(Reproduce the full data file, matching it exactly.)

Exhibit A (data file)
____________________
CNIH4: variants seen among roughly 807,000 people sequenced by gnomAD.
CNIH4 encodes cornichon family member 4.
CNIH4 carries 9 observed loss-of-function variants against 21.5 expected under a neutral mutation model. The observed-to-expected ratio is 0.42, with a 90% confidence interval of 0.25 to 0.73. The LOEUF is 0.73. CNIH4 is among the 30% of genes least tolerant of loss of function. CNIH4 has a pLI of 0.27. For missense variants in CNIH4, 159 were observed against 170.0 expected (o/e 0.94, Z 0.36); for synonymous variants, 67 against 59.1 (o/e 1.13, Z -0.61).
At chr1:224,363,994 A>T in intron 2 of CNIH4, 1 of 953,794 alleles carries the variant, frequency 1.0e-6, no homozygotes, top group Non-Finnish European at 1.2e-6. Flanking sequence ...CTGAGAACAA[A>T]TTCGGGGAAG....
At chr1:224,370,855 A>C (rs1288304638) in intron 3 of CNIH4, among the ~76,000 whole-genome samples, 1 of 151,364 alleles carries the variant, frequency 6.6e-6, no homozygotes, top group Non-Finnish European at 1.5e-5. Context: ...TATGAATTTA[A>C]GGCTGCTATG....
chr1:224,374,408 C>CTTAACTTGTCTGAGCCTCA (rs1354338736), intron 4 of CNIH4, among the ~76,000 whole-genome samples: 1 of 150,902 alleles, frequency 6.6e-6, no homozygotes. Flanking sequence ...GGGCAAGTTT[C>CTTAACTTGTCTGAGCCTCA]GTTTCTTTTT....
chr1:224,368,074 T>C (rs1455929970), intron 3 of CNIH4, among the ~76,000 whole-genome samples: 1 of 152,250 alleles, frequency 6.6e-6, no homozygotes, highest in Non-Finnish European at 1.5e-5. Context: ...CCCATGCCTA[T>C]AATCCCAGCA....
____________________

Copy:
CNIH4: variants seen among roughly 807,000 people sequenced by gnomAD.
CNIH4 encodes cornichon family member 4.
CNIH4 carries 9 observed loss-of-function variants against 21.5 expected under a neutral mutation model. The observed-to-expected ratio is 0.42, with a 90% confidence interval of 0.25 to 0.73. The LOEUF is 0.73. CNIH4 is among the 30% of genes least tolerant of loss of function. CNIH4 has a pLI of 0.27. For missense variants in CNIH4, 159 were observed against 170.0 expected (o/e 0.94, Z 0.36); for synonymous variants, 67 against 59.1 (o/e 1.13, Z -0.61).
At chr1:224,363,994 A>T in intron 2 of CNIH4, 1 of 953,794 alleles carries the variant, frequency 1.0e-6, no homozygotes, top group Non-Finnish European at 1.2e-6. Flanking sequence ...CTGAGAACAA[A>T]TTCGGGGAAG....
At chr1:224,370,855 A>C (rs1288304638) in intron 3 of CNIH4, among the ~76,000 whole-genome samples, 1 of 151,364 alleles carries the variant, frequency 6.6e-6, no homozygotes, top group Non-Finnish European at 1.5e-5. Context: ...TATGAATTTA[A>C]GGCTGCTATG....
chr1:224,374,408 C>CTTAACTTGTCTGAGCCTCA (rs1354338736), intron 4 of CNIH4, among the ~76,000 whole-genome samples: 1 of 150,902 alleles, frequency 6.6e-6, no homozygotes. Flanking sequence ...GGGCAAGTTT[C>CTTAACTTGTCTGAGCCTCA]GTTTCTTTTT....
chr1:224,368,074 T>C (rs1455929970), intron 3 of CNIH4, among the ~76,000 whole-genome samples: 1 of 152,250 alleles, frequency 6.6e-6, no homozygotes, highest in Non-Finnish European at 1.5e-5. Context: ...CCCATGCCTA[T>C]AATCCCAGCA....